The Irish high street will soon replicate these experiences to remain competitive.
Integrated payment functionality with ISV’s will continue to achieve niche solutions for customers
The value of Independent Software Vendors (ISV’s) with integrated payment solutions is clear, offering quick, efficient and seamless user experience to both customers and merchants as the sales and business process are merged and payments are instantly reconciled.
ISV’s concentration on specific and niche markets has been borne out of opportunity as well as necessity with attempts to develop effective generic retail software having little impact given the complexities of product merchandising hierarchy, notes Barraclough.
The benefits of being sector specific – with highly customized software for everything from golf courses, to convenience stores to florists and hairdressers – has furthered business owners’ transition to technology-focused ISV software to support their business in-store and online.
Payment technology sharpening business focus
These enhancements in payment-integrated technology has also armed businesses with strong data and insights to build from in 2022.
“Merchants, who in the past would have to do tasks like stock control, accounting or loyalty programmes manually, now have access to systems which will help them track inventory, deliver customer insights and run loyalty programmes at the click of a button.”
Visa – Future of Payments
Payment provider partnerships with ISV’s, that can best support the digital ambitions of your business will play a leading role in supporting you inform business strategy and expectation with cutting-edge, backend technology.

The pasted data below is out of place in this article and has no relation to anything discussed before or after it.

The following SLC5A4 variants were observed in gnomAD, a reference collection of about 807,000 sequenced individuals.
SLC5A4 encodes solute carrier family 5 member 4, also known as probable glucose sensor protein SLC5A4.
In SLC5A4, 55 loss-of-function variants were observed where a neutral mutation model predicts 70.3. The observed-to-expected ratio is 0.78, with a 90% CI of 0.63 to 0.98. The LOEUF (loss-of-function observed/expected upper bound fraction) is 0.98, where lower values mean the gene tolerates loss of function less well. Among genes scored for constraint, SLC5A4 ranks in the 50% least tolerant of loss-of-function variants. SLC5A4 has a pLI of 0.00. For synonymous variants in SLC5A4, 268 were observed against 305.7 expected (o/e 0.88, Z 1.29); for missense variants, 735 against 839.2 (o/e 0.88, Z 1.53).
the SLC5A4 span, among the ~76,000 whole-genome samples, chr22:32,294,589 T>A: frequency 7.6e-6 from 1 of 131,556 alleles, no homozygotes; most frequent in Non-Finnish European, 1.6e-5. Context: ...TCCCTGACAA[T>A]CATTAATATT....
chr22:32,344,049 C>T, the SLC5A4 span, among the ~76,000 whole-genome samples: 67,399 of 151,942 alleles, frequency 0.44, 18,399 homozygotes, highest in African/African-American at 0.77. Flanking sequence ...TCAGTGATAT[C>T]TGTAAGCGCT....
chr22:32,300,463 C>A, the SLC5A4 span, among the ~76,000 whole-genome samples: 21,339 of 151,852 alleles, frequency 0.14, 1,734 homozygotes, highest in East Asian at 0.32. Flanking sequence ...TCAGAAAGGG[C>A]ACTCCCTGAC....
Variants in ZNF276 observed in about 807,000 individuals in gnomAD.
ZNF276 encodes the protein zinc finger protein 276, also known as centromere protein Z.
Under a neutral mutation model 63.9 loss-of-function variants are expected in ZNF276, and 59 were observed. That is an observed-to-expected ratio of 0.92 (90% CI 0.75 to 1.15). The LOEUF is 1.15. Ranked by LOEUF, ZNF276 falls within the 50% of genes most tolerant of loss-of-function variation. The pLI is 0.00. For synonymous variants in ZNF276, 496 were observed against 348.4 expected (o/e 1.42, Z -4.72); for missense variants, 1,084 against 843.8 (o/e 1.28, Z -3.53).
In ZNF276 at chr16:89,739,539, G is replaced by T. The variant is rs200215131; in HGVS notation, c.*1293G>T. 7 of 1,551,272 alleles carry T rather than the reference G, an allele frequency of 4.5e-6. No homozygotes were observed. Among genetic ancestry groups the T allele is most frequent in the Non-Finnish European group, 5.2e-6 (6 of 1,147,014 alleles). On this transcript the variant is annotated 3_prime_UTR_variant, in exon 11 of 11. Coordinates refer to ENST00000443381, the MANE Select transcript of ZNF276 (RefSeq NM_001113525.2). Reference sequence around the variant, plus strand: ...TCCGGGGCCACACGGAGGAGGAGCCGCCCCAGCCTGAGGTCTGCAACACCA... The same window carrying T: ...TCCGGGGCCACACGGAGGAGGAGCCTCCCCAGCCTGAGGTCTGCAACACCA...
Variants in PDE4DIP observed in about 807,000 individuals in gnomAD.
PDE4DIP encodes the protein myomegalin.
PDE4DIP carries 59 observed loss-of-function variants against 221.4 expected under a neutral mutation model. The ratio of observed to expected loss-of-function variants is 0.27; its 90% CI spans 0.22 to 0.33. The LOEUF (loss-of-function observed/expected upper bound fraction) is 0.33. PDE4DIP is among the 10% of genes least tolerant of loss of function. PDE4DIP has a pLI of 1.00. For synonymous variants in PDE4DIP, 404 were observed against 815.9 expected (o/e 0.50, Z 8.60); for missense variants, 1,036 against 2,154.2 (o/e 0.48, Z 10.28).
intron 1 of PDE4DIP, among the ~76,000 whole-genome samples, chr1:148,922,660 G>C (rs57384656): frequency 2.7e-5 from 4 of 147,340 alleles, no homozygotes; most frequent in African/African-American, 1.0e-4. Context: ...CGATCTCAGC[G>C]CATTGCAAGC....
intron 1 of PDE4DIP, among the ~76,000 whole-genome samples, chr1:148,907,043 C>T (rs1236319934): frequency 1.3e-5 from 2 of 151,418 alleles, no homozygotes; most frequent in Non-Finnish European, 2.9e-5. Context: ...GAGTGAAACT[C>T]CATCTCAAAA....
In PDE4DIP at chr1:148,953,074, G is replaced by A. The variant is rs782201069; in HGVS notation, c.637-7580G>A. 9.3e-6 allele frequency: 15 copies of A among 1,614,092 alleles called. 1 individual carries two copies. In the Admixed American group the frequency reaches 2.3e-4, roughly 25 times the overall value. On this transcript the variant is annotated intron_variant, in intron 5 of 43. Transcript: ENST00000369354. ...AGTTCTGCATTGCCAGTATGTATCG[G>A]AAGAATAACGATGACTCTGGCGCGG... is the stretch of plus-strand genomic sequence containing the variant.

“It’s hard to track and quantify how many people might come into your shop and maybe leave the queue or where they decide not to complete a purchase,” Barraclough points out. “You can see this online with more webpage metrics and the likes of cart abandonment and bounce rates.”
With this growing understanding of customer insights and data, driven by better payment solutions, it’s becoming easier to decide key decisions on potential consumer journey barriers, products, pricing and promotions for business with a clearer picture of which customers to engage with, when to engage and what to offer.
The demand from merchants is already there for more than point of sale technologies and in 2022 partners and payment service providers will continue to demonstrate added value to businesses with solutions covering multi-channel usage, security, and specific industry and regulatory requirements.
Industry response to cybercrime
Increased familiarity with the digital payments landscape over an accelerated period of time has been exploited by an increase in cybercrime. The banking and financial services sector have continued to tackle and limit incidences of online fraud with the Banking Protocol, a UK-wide scheme launched by UK Finance, National Trading Standards and local police forces having continued success.
There is every reason that, although challenging, continued industry response and growing security awareness will continue to thwart hackers efforts to exploit consumer and business’ finances.
Barraclough reflects on the positive impact mandating Strong Customer Authentification (SCA) has and will have.
SCA ensures that electronic payments are performed with multi-factor authentication, to increase the security of electronic payments.
One business concern with SCA will be that, although expected to become less of an obstacle once users become more familiar with its purpose and process, the frictionless experience depends on the issuing bank’s ability to operate an unhindering authentication process.
This varies with some still issuing one-time pass codes and could lead to increased cart abandonment.
BOI Payment Acceptance (BOIPA) is a marketing alliance between the Bank of Ireland and EVO Payments International. It brings together Bank of Ireland’s understanding of what Irish businesses need and EVO’s expertise in creating innovative payment solutions.
BOIPA has created an innovative solution for the Irish market in terms of both our pricing and customer service model.